Tue. Aug 9th, 2022
how-to-write-an-apartment-address

An apartment address is a tricky thing. You can spend your whole life writing them one way and still have your doubts. Have you been doing it wrong all along?

This is where the United States Postal Service (USPS) swoops in to rescue mailers from confusion. When it comes to mail, their recommendations are as good as gold.

green apartment mailboxes with apartment numbers

The USPS apartment address format

USPS asks senders to write an apartment address on three lines like you would for many other standard addresses. The apartment number goes on the second address line:

  1. Recipient’s legal name
  2. Street number, street name, apartment number
  3. City, state, ZIP code

For example, the address format for an apartment in Tampa, FL would look like this:

JIM HAWKINS

1099 TREASURE ST APT 600

TAMPA FL 33602

If you can’t comfortably squeeze all that information onto the second line, you can write the apartment number on the third line. Then, move the city, state, and ZIP code to a new fourth line, like this:

JIM HAWKINS

1099 TREASURE ST

APT 600

TAMPA FL 33602

You might need to clarify which apartment building the unit is located in. Add the building number or letter like this:

JIM HAWKINS

1099 TREASURE ST BLDG E APT 600

TAMPA FL 33602

That second line is getting crowded. Remember, you can move any secondary information down to a new line if you can’t fit it all on one line. That’s the building and apartment information in the example above.

You may also need to address someone who’s part of a company based in an apartment, room, suite, or another type of rental home unit. In that case, you’d add the company name to its own second line, then shift the last two lines down.

JIM HAWKINS

SEAWARD OUTFITTERS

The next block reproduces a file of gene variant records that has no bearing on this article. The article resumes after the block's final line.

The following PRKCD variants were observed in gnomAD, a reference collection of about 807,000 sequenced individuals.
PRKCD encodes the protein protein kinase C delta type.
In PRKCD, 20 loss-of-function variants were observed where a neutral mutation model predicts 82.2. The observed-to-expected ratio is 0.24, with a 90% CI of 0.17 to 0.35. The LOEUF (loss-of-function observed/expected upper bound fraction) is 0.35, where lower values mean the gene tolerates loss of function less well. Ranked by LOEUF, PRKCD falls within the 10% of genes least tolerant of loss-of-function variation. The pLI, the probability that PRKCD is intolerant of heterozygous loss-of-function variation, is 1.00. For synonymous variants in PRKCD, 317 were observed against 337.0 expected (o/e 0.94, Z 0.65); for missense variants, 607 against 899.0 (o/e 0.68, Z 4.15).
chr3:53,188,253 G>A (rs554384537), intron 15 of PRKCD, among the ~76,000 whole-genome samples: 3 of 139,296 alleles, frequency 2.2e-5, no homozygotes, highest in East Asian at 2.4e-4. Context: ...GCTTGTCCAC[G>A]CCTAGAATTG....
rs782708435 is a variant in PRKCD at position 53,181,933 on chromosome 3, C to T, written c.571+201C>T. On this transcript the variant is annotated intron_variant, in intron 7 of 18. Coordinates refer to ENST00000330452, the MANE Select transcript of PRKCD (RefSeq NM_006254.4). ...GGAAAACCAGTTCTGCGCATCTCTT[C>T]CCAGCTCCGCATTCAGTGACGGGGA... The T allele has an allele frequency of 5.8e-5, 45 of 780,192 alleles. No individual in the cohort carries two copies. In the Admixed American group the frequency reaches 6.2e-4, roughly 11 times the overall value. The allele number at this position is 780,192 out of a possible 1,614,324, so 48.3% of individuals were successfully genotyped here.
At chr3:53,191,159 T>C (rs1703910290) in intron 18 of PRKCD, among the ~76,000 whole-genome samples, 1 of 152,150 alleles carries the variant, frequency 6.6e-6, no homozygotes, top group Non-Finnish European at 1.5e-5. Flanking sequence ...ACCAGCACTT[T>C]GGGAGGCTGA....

1099 TREASURE ST APT 600

TAMPA FL 33602

outdoor apartment mailbox with address labels

General apartment address guidelines

Wondering why these addresses are written in all caps? Capital letters give postal sorting machines a near guarantee of recognizing an address. That’s especially true when they’re printed, but it applies to handwritten addresses too.

Using caps lock isn’t the only recommendation USPS has. Try to stick to these guidelines next time you write an apartment address:

  • Say goodbye to most punctuation: This might come as a surprise if you’ve spent your entire life adding commas and periods to addresses, but punctuation doesn’t do the post office’s sorting machines any favors.
  • Stick to the left side: When you write an address, the first letters of each line should align with each other. Avoid centering each line when you can.
  • Read it from a distance: Hold your envelope or package at arm’s length. You should be able to read the apartment address easily.
  • (Don’t) return to sender: Make sure to add a return address to the top left corner. Use the same format if the return address is also an apartment address.
  • Stick with dark ink on light paper: Black ink on white paper is best. If you want to add a little color, make sure there’s plenty of contrast between the two. Can you still read it at arm’s length?
  • Pencils are out: USPS recommends using a pen or permanent marker for handwritten apartment addresses.